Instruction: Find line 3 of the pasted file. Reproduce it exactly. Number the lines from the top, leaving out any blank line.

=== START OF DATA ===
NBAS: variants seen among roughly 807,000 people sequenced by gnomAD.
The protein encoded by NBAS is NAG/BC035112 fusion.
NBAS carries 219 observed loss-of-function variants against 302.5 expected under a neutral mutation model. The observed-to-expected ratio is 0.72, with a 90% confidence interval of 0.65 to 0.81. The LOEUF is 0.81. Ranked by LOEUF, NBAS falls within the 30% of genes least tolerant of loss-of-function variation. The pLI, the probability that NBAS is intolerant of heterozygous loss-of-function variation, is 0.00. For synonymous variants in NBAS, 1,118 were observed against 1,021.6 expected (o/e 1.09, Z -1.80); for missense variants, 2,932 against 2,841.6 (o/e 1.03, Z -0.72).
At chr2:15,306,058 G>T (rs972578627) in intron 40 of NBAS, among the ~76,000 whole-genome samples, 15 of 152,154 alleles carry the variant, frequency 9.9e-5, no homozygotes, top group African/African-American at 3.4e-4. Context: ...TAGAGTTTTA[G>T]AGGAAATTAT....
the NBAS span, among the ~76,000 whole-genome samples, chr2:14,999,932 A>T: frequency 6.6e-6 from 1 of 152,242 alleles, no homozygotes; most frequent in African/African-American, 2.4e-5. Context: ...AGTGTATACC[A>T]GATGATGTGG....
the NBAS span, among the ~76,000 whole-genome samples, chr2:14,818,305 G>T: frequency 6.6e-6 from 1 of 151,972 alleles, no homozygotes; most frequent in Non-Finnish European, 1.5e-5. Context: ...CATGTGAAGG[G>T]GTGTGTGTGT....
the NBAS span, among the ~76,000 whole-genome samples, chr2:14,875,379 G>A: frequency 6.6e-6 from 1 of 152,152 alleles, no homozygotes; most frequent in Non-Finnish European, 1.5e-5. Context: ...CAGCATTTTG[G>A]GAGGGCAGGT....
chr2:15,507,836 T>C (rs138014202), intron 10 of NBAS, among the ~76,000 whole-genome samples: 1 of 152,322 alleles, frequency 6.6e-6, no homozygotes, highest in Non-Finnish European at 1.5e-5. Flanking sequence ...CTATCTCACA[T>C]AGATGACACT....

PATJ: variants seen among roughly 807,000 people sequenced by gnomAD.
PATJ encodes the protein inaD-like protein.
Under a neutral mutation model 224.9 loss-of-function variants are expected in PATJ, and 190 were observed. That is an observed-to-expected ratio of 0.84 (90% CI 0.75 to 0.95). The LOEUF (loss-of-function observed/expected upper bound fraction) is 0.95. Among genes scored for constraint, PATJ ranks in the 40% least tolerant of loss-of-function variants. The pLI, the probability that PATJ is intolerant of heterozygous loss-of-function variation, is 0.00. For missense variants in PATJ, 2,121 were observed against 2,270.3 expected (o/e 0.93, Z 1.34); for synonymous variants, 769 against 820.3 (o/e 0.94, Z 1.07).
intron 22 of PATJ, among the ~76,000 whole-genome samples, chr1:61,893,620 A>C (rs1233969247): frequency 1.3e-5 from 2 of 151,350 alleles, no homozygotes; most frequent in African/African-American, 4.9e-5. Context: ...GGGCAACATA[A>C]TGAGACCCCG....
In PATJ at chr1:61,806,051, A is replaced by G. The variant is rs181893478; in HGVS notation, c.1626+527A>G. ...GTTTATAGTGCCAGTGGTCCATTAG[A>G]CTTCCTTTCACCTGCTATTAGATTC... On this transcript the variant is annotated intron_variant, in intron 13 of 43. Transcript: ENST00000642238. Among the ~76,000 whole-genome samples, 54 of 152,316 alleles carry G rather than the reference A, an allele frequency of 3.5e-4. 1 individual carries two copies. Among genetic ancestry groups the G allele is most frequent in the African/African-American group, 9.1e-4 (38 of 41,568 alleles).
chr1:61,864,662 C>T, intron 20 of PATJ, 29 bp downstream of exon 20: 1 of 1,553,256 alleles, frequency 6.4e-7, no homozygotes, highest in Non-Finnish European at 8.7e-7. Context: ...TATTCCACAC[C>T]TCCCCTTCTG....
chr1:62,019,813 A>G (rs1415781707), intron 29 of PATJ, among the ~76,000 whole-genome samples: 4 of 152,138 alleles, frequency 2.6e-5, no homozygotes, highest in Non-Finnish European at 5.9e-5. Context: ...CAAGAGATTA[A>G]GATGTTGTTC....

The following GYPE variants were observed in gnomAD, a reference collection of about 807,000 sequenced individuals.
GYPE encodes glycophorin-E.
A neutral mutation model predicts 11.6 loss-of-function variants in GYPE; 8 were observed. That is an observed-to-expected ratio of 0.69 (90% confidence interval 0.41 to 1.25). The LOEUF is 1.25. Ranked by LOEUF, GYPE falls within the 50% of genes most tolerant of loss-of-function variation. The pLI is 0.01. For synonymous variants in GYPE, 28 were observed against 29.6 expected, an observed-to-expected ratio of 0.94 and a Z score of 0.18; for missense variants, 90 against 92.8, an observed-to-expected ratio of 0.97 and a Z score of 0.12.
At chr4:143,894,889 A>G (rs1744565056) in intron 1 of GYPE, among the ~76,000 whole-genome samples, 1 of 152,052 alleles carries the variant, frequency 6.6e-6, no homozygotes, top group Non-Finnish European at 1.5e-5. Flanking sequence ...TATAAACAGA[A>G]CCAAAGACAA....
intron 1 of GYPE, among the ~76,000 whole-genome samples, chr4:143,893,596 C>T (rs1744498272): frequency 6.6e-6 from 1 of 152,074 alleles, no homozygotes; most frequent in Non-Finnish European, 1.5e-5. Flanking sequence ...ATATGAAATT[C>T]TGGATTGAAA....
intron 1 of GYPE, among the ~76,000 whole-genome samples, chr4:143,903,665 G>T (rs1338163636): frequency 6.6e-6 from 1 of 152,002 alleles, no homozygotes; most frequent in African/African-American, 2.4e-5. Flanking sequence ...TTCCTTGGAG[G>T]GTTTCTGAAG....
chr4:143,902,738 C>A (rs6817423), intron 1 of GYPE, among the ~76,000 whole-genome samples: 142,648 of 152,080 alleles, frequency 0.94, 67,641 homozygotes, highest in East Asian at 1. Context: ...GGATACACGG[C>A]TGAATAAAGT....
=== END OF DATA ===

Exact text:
NBAS carries 219 observed loss-of-function variants against 302.5 expected under a neutral mutation model. The observed-to-expected ratio is 0.72, with a 90% confidence interval of 0.65 to 0.81. The LOEUF is 0.81. Ranked by LOEUF, NBAS falls within the 30% of genes least tolerant of loss-of-function variation. The pLI, the probability that NBAS is intolerant of heterozygous loss-of-function variation, is 0.00. For synonymous variants in NBAS, 1,118 were observed against 1,021.6 expected (o/e 1.09, Z -1.80); for missense variants, 2,932 against 2,841.6 (o/e 1.03, Z -0.72).